Andre v. Social Security Administration Commissioner

Filing 11

MEMORANDUM OPINION. Signed by Honorable Erin L. Setser on April 8, 2011. (src)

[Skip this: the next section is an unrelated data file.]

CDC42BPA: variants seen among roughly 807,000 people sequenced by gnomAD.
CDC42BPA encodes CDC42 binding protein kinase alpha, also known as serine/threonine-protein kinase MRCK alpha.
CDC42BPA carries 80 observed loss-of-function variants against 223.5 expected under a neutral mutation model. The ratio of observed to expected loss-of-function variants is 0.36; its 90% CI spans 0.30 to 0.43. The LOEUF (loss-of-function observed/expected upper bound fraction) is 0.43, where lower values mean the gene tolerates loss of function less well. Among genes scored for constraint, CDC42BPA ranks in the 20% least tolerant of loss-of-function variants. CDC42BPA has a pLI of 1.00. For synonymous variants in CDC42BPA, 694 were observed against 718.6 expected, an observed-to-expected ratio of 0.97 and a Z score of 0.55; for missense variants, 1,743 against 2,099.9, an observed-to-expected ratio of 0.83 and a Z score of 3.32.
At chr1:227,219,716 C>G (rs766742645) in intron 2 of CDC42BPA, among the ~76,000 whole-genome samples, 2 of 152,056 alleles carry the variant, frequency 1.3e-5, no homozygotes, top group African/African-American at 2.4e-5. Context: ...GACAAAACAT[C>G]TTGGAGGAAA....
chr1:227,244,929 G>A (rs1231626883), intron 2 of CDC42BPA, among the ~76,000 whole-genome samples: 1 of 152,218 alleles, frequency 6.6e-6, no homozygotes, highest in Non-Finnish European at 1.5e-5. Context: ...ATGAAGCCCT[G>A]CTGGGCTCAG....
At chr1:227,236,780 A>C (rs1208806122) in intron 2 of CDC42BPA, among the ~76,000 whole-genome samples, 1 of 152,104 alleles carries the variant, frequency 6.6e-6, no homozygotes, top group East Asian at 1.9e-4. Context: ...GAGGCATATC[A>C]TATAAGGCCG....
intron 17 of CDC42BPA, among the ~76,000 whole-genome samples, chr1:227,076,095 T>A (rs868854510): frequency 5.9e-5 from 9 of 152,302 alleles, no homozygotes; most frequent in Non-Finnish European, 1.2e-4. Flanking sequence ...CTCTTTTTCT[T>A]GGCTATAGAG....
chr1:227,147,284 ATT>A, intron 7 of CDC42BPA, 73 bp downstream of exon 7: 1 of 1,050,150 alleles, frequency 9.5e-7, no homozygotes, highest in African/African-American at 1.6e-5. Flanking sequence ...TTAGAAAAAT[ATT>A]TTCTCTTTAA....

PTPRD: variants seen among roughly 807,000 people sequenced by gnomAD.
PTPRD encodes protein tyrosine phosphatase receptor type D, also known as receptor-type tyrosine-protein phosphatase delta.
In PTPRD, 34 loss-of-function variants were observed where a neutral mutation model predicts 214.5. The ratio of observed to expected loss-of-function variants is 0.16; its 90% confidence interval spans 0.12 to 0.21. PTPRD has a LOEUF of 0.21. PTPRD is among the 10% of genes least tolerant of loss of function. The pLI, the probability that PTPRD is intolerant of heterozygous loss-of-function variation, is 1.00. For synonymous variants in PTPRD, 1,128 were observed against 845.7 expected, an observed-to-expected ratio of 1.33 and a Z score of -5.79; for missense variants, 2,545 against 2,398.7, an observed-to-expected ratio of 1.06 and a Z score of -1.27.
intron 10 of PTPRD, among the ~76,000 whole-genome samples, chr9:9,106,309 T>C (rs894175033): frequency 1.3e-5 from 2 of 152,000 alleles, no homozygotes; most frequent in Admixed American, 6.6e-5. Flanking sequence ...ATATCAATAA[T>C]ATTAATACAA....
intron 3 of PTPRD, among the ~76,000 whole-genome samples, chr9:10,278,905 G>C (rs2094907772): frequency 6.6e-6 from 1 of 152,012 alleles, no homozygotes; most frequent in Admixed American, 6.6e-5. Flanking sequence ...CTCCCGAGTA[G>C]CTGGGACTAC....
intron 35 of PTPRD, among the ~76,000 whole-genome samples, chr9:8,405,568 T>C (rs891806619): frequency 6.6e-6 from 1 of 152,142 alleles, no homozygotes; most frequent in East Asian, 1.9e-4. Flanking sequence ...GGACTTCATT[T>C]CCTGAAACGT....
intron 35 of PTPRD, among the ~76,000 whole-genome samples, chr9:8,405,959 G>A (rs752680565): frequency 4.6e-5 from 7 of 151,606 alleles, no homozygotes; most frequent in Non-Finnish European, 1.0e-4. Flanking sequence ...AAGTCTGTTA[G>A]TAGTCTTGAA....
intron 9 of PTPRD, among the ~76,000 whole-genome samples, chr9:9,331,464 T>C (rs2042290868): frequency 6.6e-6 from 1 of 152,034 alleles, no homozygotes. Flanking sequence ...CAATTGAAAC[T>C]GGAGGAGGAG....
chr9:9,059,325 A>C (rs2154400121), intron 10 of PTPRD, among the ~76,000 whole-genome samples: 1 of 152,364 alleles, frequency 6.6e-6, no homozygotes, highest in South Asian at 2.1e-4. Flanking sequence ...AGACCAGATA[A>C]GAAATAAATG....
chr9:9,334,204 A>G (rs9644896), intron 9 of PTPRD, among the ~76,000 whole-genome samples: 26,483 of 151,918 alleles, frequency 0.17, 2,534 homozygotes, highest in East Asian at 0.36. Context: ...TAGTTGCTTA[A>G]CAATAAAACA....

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Andre v. Social Security Administration Commissioner Doc. 11 IN THE UNITED STATES DISTRICT COURT WESTERN DISTRICT OF ARKANSAS FAYETTEVILLE DIVISION ROSALIND J. ANDRE PLAINTIFF v. CIVIL NO. 10-5078 MICHAEL J. ASTRUE, Commissioner Social Security Administration DEFENDANT MEMORANDUM OPINION Plaintiff, Rosalind J. Andre brings this action pursuant to 42 U.S.C. 405(g), seeking judicial review of a decision of the Commissioner of the Social Security Administration (Commissioner) denying her claims for a period of disability and disability insurance benefits (DIB) and supplemental security income (SSI) benefits under the provisions of Title II and XVI of the Social Security Act (Act). In this judicial review, the Court must determine whether there is substantial evidence in the administrative record to support the Commissioner's decision. See 42 U.S.C. 405(g). I. Procedural Background: Plaintiff protectively filed her current applications for DIB and SSI on May 29, 2007, alleging an inability to work since April 14, 19991, due to an anxiety disorder, depression, arthritis, scoliosis, carpal tunnel syndrome and a urinary tract disorder. (Tr. 114-116, 119-122, 218). For DIB purposes, Plaintiff maintained insured status through March 31, 2008. (Tr. 55). 1 At the administrative hearing, Plaintiff through her counsel, amended her alleged onset date to August 23, 2002. (Tr. 20). The Court notes that in Plaintiff's pre-hearing memorandum provided to the ALJ prior to the administrative hearing, Plaintiff indicated her alleged onset date was July 2007. (Tr. 218). AO72A (Rev. 8/82) Dockets.Justia.com An administrative hearing was held on February 5, 2009, at which Plaintiff appeared with counsel and testified. (Tr. 10-43). By written decision dated June 2, 2009, the ALJ found that during the relevant time period, Plaintiff had an impairment or combination of impairments that were severe. (Tr. 57). Specifically, the ALJ found Plaintiff had the following severe impairments: a back disorder, carpal tunnel syndrome and a mood disorder. However, after reviewing all of the evidence presented, he determined that Plaintiff's impairments did not meet or equal the level of severity of any impairment listed in the Listing of Impairments found in Appendix I, Subpart P, Regulation No. 4. (Tr. 58). The ALJ found Plaintiff retained the residual functional capacity (RFC) to perform: light work as defined in 20 CFR 404.1567(b) and 416.967(b) except the claimant can only lift and carry 20 pounds occasionally and 10 pounds frequently; she can sit for about 6 hours during an 8 hour workday; she can stand and/or walk for about 6 hours during an 8 hour workday; she cannot perform frequent, rapid, repetitive flexion and extension of her wrists; and she can only perform unskilled work where interpersonal contact is incidental to the work performed. (Tr. 59). With the help of a vocational expert, the ALJ determined Plaintiff could perform other work as a hardware assembler, a hospital food service worker and a machine tender. (Tr. 63). Plaintiff then requested a review of the hearing decision by the Appeals Council. (Tr. 237). On January 22, 2010, the Appeals Council granted Plaintiff's request to review the ALJ's decision. (Tr. 65-68). The Appeals Council notified both Plaintiff and her representative that they could submit additional evidence for review within thirty days. No evidence or comments were received or considered by the Appeals Council. By written decision dated March 11, 2010, the Appeals Council found Plaintiff had the following severe impairments: a back disorder, -2- AO72A (Rev. 8/82) carpal tunnel syndrome and a mood disorder. (Tr. 4-8). However, after reviewing all of the evidence presented, the Appeals Council determined that Plaintiff's impairments did not meet or equal the level of severity of any impairment listed in the Listing of Impairments found in Appendix I, Subpart P, Regulation No. 4. (Tr. 6). The Appeals Council found Plaintiff retained the residual functional capacity (RFC) to perform: a reduced range of light work including lifting, carrying, pushing and pulling 20 pounds occasionally and 10 pounds frequently, as well as sitting, standing or walking 6 hours each in an 8 hour work day. In addition, the claimant cannot perform frequent, rapid, repetitive flexion and extension of her wrists and she can only perform unskilled work where interpersonal contact is incidental to the work performed. (Tr. 6). The Appeals Council found that based on the vocational expert's testimony at the February 5, 2009 hearing, Plaintiff could perform other light work as a toy assembler, a machine tender and a housekeeper. (Tr. 5-6). Subsequently, Plaintiff filed this action. (Doc. 1). This case is before the undersigned pursuant to the consent of the parties. (Doc. 5). Both parties have filed appeal briefs, and the case is now ready for decision. (Docs. 9, 10). II. Applicable Law: This Court's role is to determine whether the Commissioner's findings are supported by substantial evidence on the record as a whole. Ramirez v. Barnhart, 292 F.3d 576, 583 (8th Cir. 2002). Substantial evidence is less than a preponderance but it is enough that a reasonable mind would find it adequate to support the Commissioner's decision. The ALJ's decision must be affirmed if the record contains substantial evidence to support it. Edwards v. Barnhart, 314 F.3d 964, 966 (8th Cir. 2003). As long as there is substantial evidence in the record that supports the -3- AO72A (Rev. 8/82) Commissioner's decision, the Court may not reverse it simply because substantial evidence exists in the record that would have supported a contrary outcome, or because the Court would have decided the case differently. Haley v. Massanari, 258 F.3d 742, 747 (8th Cir. 2001). In other words, if after reviewing the record it is possible to draw two inconsistent positions from the evidence and one of those positions represents the findings of the ALJ, the decision of the ALJ must be affirmed. McNamara v. Astrue, 590 F.3d 607, 610 (8th Cir. 2010). It is well-established that a claimant for Social Security disability benefits has the burden of proving her disability by establishing a physical or mental disability that has lasted at least one year and that prevents her from engaging in any substantial gainful activity. Pearsall v. Massanari, 274 F.3d 1211, 1217 (8th Cir.2001); see also 42 U.S.C. 423(d)(1)(A), 1382c(a)(3)(A). The Act defines "physical or mental impairment" as "an impairment that results from anatomical, physiological, or psychological abnormalities which are demonstrable by medically acceptable clinical and laboratory diagnostic techniques." 42 U.S.C. 423(d)(3), 1382(3)(c). A Plaintiff must show that her disability, not simply her impairment, has lasted for at least twelve consecutive months. The Commissioner's regulations require him to apply a five-step sequential evaluation process to each claim for disability benefits: (1) whether the claimant has engaged in substantial gainful activity since filing her claim; (2) whether the claimant has a severe physical and/or mental impairment or combination of impairments; (3) whether the impairment(s) meet or equal an impairment in the listings; (4) whether the impairment(s) prevent the claimant from doing past relevant work; and, (5) whether the claimant is able to perform other work in the national economy given her age, education, and experience. See 20 C.F.R. 404.1520, 416.920. Only -4- AO72A (Rev. 8/82) if the final stage is reached does the fact finder consider the Plaintiff's age, education, and work experience in light of her residual functional capacity. See McCoy v. Schweiker, 683 F.2d 1138, 1141-42 (8th Cir. 1982); 20 C .F.R. 404.1520, 416.920. III. Discussion: After reviewing the entire evidence of record, the undersigned is troubled by the Appeals Council's determination that Plaintiff can perform other work as a toy assembler, a machine tender and a housekeeper. As set forth above, once the Appeals Council determined Plaintiff unable to perform her past relevant work, the burden shifted to the Defendant to prove Plaintiff was able to perform other work in the national economy. Cox v. Astrue, 495 F.3d 614, 617 (8th Cir. 2007), 20 C.F.R. 404.1520. In this case, the Appeals Council granted review of the ALJ's decision because it determined that the vocational expert's testimony indicating that an individual who maintained the RFC to perform light work with limitations could perform work as a hardware assembler, hospital food service worker and machine tender conflicted with the Dictionary of Occupational Titles (DOT) which defined these jobs as medium level work.2 After finding Plaintiff maintained the RFC to perform light work with limitations, the Appeals Council relied upon the vocational expert's testimony that Plaintiff would be able to perform other work as a toy assembler (DOT Code 731.687-034), a machine tender (DOT Code 556.685-022), and a housekeeper (DOT Code 323.687-014). (Tr. 5, 40-41). 2 The Appeals Council found that the vocational expert testified that his findings were consistent with the DOT and identified the jobs as hardware assembler (DOT Code 762.684-046), hospital food service worker (DOT Code 319.677-014) and machine tender (DOT Code 559.685-078) as light work; when in fact the DOT classified this work as medium. (Tr. 5). A review of the hearing transcript reveals that the vocational expert testified that a hypothetical individual would be able to perform the above referenced jobs after listening to a hypothetical question pertaining to an individual being able to perform medium work. (Tr. 39-40). The ALJ, in his June 2, 2009 administrative opinion, classified the above jobs as light and not medium work. (Tr. 63). -5- AO72A (Rev. 8/82) A review of the medical evidence reveals that Plaintiff has been diagnosed with carpal tunnel syndrome and the only RFC assessment of record and used by both the ALJ and the Appeals Council restricted Plaintiff from any activities that would require repetitive flexion and extension of the wrists. (Tr. 331, 347). Both the ALJ and the Appeals Council found the evidence of record supported including the limitation of no frequent, rapid, repetitive flexion and extension of her wrists when they determined Plaintiff's RFC. The hypothetical question proposed to the vocational expert at the February of 2009 administrative hearing also included this limitation. (Tr. 40) The vocational expert testified that even with this limitation Plaintiff would be able to perform the jobs of toy assembler, machine tender and housekeeper identified above, and that his testimony was consistent with the DOT. (Tr. 43). However, the DOT indicates that a toy assembler and machine tender require the ability to frequently reach, handle and finger and the job of housekeeper requires the ability to frequently reach and handle and occasionally finger.3 See DICOT 731.687-034, 556.685-022, 323.687-014 at www.westlaw.com. "[W]hen [vocational expert] testimony conflicts with the DOT, the DOT controls when the DOT classifications are not rebutted" Jones v. Astrue, 619 F.3d 963, 978 (8th Cir. 2010) quoting Dobbins v. Barnhart, 182 Fed.Appx. 618, 619 (8th Cir.2006). Due to the inconsistency between the vocational expert's testimony and the DOT, the Court cannot find substantial evidence showing Plaintiff could perform other work as a toy assembler, machine tender or housekeeper. Accordingly, the Court believes remand is necessary so that the ALJ can 3 According to the Regulations, handling is defined as seizing, holding, grasping, turning or otherwise working primarily with the whole hand or hands. S.S.R. No. 85-15, 1985 WL 56857, *7 (1985). Reaching is defined as extending the hands and arms in any direction. Id. -6- AO72A (Rev. 8/82) more fully and fairly develop the record regarding Plaintiff's ability to perform other work in the national economy. The Court further notes that the medical evidence is also somewhat ambiguous with regard to Plaintiff's mental limitations and her mental RFC. On remand the ALJ is directed to address interrogatories to Plaintiff's treating and/or examining physicians asking these physicians to review Plaintiff's medical records and complete a mental RFC assessment regarding Plaintiff's capabilities during the time period in question. With this evidence, the ALJ should then re-evaluate Plaintiff's RFC and specifically list in a hypothetical to a vocational expert any limitations that are indicated in the RFC assessments and supported by the evidence. IV. Conclusion: Accordingly, we conclude that the ALJ's decision is not supported by substantial evidence, and therefore, the denial of benefits to the Plaintiff, should be reversed and this matter should be remanded to the Commissioner for further consideration pursuant to sentence four of 42 U.S.C. 405(g). DATED this 8th day of April 2011. /s/ Erin L. Setser HON. ERIN L. SETSER UNITED STATES MAGISTRATE JUDGE -7- AO72A (Rev. 8/82)